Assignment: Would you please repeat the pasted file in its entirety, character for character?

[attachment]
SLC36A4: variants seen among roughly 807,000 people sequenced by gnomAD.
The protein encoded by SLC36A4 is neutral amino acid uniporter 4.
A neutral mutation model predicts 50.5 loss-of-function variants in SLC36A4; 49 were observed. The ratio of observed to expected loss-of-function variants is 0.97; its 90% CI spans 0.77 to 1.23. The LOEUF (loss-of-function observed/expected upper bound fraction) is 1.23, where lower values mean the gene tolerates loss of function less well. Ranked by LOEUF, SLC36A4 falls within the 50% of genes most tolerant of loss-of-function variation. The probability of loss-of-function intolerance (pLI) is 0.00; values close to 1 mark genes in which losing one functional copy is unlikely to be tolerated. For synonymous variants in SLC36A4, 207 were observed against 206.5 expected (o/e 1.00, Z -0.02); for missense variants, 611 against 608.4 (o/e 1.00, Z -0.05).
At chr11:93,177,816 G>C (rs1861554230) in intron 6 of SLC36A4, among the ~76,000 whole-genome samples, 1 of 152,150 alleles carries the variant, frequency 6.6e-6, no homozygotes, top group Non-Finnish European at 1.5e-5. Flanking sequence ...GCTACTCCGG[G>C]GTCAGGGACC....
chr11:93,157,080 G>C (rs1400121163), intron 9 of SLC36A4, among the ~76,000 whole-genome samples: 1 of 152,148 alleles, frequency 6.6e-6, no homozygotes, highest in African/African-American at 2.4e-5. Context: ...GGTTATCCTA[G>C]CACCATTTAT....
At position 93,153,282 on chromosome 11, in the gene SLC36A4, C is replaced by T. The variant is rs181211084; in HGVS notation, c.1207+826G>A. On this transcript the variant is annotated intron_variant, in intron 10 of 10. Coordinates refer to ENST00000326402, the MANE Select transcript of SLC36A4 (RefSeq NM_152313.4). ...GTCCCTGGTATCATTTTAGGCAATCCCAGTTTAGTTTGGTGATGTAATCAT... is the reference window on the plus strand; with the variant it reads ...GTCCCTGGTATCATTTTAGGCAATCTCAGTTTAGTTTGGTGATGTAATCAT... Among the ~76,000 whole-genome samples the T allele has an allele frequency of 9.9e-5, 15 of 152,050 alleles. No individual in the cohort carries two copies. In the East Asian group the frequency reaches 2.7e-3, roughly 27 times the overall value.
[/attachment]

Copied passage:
SLC36A4: variants seen among roughly 807,000 people sequenced by gnomAD.
The protein encoded by SLC36A4 is neutral amino acid uniporter 4.
A neutral mutation model predicts 50.5 loss-of-function variants in SLC36A4; 49 were observed. The ratio of observed to expected loss-of-function variants is 0.97; its 90% CI spans 0.77 to 1.23. The LOEUF (loss-of-function observed/expected upper bound fraction) is 1.23, where lower values mean the gene tolerates loss of function less well. Ranked by LOEUF, SLC36A4 falls within the 50% of genes most tolerant of loss-of-function variation. The probability of loss-of-function intolerance (pLI) is 0.00; values close to 1 mark genes in which losing one functional copy is unlikely to be tolerated. For synonymous variants in SLC36A4, 207 were observed against 206.5 expected (o/e 1.00, Z -0.02); for missense variants, 611 against 608.4 (o/e 1.00, Z -0.05).
At chr11:93,177,816 G>C (rs1861554230) in intron 6 of SLC36A4, among the ~76,000 whole-genome samples, 1 of 152,150 alleles carries the variant, frequency 6.6e-6, no homozygotes, top group Non-Finnish European at 1.5e-5. Flanking sequence ...GCTACTCCGG[G>C]GTCAGGGACC....
chr11:93,157,080 G>C (rs1400121163), intron 9 of SLC36A4, among the ~76,000 whole-genome samples: 1 of 152,148 alleles, frequency 6.6e-6, no homozygotes, highest in African/African-American at 2.4e-5. Context: ...GGTTATCCTA[G>C]CACCATTTAT....
At position 93,153,282 on chromosome 11, in the gene SLC36A4, C is replaced by T. The variant is rs181211084; in HGVS notation, c.1207+826G>A. On this transcript the variant is annotated intron_variant, in intron 10 of 10. Coordinates refer to ENST00000326402, the MANE Select transcript of SLC36A4 (RefSeq NM_152313.4). ...GTCCCTGGTATCATTTTAGGCAATCCCAGTTTAGTTTGGTGATGTAATCAT... is the reference window on the plus strand; with the variant it reads ...GTCCCTGGTATCATTTTAGGCAATCTCAGTTTAGTTTGGTGATGTAATCAT... Among the ~76,000 whole-genome samples the T allele has an allele frequency of 9.9e-5, 15 of 152,050 alleles. No individual in the cohort carries two copies. In the East Asian group the frequency reaches 2.7e-3, roughly 27 times the overall value.